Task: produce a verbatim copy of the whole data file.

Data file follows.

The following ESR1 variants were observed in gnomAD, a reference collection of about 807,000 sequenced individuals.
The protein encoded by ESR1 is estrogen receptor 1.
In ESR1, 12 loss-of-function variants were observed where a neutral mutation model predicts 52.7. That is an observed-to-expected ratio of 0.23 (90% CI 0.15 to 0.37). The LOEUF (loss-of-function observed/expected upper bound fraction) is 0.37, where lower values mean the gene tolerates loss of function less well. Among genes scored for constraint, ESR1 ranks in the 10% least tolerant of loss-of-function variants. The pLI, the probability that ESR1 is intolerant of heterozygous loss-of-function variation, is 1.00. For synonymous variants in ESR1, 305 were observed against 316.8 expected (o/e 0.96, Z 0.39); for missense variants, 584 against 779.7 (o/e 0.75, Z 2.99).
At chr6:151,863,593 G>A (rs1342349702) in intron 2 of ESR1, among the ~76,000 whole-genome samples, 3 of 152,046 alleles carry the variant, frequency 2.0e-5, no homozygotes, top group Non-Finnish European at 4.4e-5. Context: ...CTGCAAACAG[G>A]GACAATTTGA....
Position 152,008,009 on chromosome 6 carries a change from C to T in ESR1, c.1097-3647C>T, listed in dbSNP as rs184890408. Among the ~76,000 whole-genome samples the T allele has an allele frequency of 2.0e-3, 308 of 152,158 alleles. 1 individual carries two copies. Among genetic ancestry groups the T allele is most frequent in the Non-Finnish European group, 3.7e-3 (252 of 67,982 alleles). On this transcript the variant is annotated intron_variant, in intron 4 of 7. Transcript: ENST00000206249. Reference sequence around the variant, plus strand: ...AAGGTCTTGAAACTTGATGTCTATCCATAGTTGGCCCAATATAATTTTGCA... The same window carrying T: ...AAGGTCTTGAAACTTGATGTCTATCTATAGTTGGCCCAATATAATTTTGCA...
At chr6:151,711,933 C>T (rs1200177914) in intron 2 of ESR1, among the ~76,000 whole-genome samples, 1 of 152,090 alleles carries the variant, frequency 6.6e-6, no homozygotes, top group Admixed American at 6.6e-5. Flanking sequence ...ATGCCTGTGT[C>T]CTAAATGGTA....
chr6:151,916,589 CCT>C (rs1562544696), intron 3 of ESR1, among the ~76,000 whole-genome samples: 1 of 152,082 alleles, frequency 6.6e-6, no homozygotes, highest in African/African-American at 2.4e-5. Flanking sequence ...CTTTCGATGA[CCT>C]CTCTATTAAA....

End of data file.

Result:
The following ESR1 variants were observed in gnomAD, a reference collection of about 807,000 sequenced individuals.
The protein encoded by ESR1 is estrogen receptor 1.
In ESR1, 12 loss-of-function variants were observed where a neutral mutation model predicts 52.7. That is an observed-to-expected ratio of 0.23 (90% CI 0.15 to 0.37). The LOEUF (loss-of-function observed/expected upper bound fraction) is 0.37, where lower values mean the gene tolerates loss of function less well. Among genes scored for constraint, ESR1 ranks in the 10% least tolerant of loss-of-function variants. The pLI, the probability that ESR1 is intolerant of heterozygous loss-of-function variation, is 1.00. For synonymous variants in ESR1, 305 were observed against 316.8 expected (o/e 0.96, Z 0.39); for missense variants, 584 against 779.7 (o/e 0.75, Z 2.99).
At chr6:151,863,593 G>A (rs1342349702) in intron 2 of ESR1, among the ~76,000 whole-genome samples, 3 of 152,046 alleles carry the variant, frequency 2.0e-5, no homozygotes, top group Non-Finnish European at 4.4e-5. Context: ...CTGCAAACAG[G>A]GACAATTTGA....
Position 152,008,009 on chromosome 6 carries a change from C to T in ESR1, c.1097-3647C>T, listed in dbSNP as rs184890408. Among the ~76,000 whole-genome samples the T allele has an allele frequency of 2.0e-3, 308 of 152,158 alleles. 1 individual carries two copies. Among genetic ancestry groups the T allele is most frequent in the Non-Finnish European group, 3.7e-3 (252 of 67,982 alleles). On this transcript the variant is annotated intron_variant, in intron 4 of 7. Transcript: ENST00000206249. Reference sequence around the variant, plus strand: ...AAGGTCTTGAAACTTGATGTCTATCCATAGTTGGCCCAATATAATTTTGCA... The same window carrying T: ...AAGGTCTTGAAACTTGATGTCTATCTATAGTTGGCCCAATATAATTTTGCA...
At chr6:151,711,933 C>T (rs1200177914) in intron 2 of ESR1, among the ~76,000 whole-genome samples, 1 of 152,090 alleles carries the variant, frequency 6.6e-6, no homozygotes, top group Admixed American at 6.6e-5. Flanking sequence ...ATGCCTGTGT[C>T]CTAAATGGTA....
chr6:151,916,589 CCT>C (rs1562544696), intron 3 of ESR1, among the ~76,000 whole-genome samples: 1 of 152,082 alleles, frequency 6.6e-6, no homozygotes, highest in African/African-American at 2.4e-5. Flanking sequence ...CTTTCGATGA[CCT>C]CTCTATTAAA....